Using approximations to the binomial distribution

In summary, the conversation discusses using normal approximations to find the critical value for a two-tailed test involving a binomial distribution. It is clarified that the value for alpha should be checked for both one-tailed and two-tailed tests. The correct critical value for a two-tailed test with a proportion of 50% is determined to be 1.645.
  • #1
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Homework Statement


This is the problem I am given.
pic1.jpg
. It is in he picture below or in the thumbnail. I was also told that since ##n## is big enough that I can use normal approximations.

Homework Equations

The Attempt at a Solution


I think that ##C_{\alpha}=C_{0.1}=2.33## which I got off the Z-score chart. The test statistic given looks like the one given for a binomial distribution given by where ##Z=\dfrac{x-np}{\sqrt{npq}}=\dfrac{\frac{x}{n}-p}{\frac{\sqrt{pq}}{\sqrt{n}}}##. I am not sure if this right or not. But it seems like this is the only way of finding the critical value. Thanks[/B]
 
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  • #2
I think you looked up the value for alpha = .01, you were asked for .1. If you are using a normal approximation, then this is all you need to find the critical value. Be sure to clarify if this is a one-tailed or two-tailed test. From the question T>C_alpha indicates you are checking to see if a majority are in favor--i.e. one-tailed, your process is correct. If you were just checking whether or not the null hypothesis held, you would use a two-tailed test. In that case, you would need to divide alpha by two.
 
  • #3
I see it is two tailed so I would use ##C=1.645## which would be my critical value.
 
  • #4
Right--In this case the two tailed test is for p = 50%, if you reject that, then you know it is either more or less. If you were only concerned with the proportion being more, then you could use a smaller critical value to get the same level of confidence.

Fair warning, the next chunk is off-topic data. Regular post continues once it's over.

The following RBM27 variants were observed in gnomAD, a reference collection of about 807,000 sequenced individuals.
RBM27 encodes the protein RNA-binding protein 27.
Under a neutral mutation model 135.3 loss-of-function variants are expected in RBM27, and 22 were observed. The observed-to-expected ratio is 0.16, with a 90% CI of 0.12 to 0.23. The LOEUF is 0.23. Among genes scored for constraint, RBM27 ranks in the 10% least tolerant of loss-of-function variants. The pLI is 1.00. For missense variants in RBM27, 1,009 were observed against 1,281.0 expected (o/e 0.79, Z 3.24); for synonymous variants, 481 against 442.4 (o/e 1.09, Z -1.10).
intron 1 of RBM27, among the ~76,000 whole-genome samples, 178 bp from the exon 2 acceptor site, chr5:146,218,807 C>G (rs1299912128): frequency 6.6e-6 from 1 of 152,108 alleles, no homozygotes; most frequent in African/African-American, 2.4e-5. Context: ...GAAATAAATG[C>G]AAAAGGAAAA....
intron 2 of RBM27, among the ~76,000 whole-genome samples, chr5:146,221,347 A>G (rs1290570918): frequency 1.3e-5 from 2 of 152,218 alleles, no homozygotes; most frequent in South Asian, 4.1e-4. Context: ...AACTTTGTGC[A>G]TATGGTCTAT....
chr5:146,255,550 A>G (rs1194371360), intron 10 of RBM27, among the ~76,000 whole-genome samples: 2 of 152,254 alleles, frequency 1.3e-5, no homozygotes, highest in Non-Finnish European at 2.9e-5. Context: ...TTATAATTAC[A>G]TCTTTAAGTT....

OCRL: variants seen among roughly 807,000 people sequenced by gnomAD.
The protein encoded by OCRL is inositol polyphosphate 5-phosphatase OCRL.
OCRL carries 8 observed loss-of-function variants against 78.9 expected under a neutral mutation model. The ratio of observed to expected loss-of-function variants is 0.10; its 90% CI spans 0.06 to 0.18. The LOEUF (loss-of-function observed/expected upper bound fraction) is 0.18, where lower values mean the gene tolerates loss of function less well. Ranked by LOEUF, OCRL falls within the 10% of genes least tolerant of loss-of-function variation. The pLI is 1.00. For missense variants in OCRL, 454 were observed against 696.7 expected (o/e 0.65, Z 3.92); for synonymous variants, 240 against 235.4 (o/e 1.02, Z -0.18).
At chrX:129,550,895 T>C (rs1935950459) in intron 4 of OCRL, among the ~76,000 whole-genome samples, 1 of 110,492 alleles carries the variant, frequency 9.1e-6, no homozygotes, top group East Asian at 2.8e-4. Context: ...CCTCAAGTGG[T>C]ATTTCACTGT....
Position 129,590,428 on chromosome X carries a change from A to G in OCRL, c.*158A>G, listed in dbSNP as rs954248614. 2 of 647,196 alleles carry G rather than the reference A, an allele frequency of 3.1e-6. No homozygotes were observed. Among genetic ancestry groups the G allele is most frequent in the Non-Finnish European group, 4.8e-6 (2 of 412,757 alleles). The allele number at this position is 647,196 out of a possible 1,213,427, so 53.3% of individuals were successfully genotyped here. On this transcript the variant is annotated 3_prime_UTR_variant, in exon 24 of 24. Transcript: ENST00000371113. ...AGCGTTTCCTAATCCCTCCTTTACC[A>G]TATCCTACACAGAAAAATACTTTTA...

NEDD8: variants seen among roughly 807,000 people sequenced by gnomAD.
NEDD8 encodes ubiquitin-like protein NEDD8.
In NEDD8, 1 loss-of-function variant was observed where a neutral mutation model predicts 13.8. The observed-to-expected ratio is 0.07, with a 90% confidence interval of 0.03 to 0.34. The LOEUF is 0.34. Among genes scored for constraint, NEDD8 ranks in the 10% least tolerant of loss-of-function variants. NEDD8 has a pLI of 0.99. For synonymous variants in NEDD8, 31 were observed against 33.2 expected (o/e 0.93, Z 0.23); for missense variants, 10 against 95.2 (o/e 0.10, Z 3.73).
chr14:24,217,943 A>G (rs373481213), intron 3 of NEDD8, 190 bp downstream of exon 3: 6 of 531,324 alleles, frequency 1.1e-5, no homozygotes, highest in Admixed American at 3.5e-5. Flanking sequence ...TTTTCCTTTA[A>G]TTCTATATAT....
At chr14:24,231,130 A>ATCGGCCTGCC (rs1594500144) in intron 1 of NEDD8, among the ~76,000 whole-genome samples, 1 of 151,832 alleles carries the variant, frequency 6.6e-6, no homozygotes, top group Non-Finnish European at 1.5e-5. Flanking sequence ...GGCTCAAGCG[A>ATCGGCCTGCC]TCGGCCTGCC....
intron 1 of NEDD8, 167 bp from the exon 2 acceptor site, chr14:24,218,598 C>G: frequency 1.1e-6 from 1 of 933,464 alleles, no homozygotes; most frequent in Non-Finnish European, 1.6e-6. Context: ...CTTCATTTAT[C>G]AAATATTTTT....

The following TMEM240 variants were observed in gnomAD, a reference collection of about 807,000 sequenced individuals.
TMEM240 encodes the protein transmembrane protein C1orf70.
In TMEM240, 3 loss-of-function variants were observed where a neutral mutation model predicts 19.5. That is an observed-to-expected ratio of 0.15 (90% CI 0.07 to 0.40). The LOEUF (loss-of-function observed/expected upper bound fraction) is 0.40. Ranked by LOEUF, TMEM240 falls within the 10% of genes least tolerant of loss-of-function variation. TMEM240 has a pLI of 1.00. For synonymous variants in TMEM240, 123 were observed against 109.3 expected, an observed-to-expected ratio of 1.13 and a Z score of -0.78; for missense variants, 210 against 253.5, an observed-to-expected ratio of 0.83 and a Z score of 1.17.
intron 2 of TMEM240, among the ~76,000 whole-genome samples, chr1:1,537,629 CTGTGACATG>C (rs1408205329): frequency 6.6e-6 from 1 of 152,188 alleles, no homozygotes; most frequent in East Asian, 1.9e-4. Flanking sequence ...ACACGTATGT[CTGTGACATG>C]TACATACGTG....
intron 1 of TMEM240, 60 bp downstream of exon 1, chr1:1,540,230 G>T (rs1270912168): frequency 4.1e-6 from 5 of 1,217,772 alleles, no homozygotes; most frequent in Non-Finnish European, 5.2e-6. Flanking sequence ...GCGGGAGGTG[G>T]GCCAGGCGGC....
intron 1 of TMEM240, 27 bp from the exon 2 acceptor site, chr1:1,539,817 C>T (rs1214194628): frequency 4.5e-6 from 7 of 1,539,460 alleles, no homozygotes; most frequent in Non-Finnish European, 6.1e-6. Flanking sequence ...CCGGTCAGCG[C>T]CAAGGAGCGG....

1. What is the binomial distribution?

The binomial distribution is a probability distribution that describes the number of successes in a fixed number of independent trials with two possible outcomes (usually denoted as "success" and "failure") and a constant probability of success in each trial.

2. Why do we use approximations to the binomial distribution?

We use approximations to the binomial distribution because it can be difficult to calculate exact probabilities for large numbers of trials or when the probability of success is small. Approximations allow us to estimate these probabilities more easily and quickly.

3. What is the formula for approximating the binomial distribution?

The formula for approximating the binomial distribution is the normal distribution formula: P(x) = (1/σ√2π) * e^(-1/2 * ((x-μ)/σ)^2), where μ is the mean, σ is the standard deviation, and x is the number of successes.

4. When is it appropriate to use approximations to the binomial distribution?

Approximations to the binomial distribution are appropriate when the number of trials is large (usually greater than 30) and the probability of success is not too small (usually greater than 0.05). These conditions ensure that the normal distribution is a good approximation of the binomial distribution.

5. What are the limitations of using approximations to the binomial distribution?

The main limitation of using approximations to the binomial distribution is that they are only accurate for large numbers of trials and probabilities of success that are not too small. If these conditions are not met, the approximations may not provide accurate results. Additionally, the normal distribution may not accurately capture the shape of the binomial distribution in certain cases, leading to further inaccuracies.

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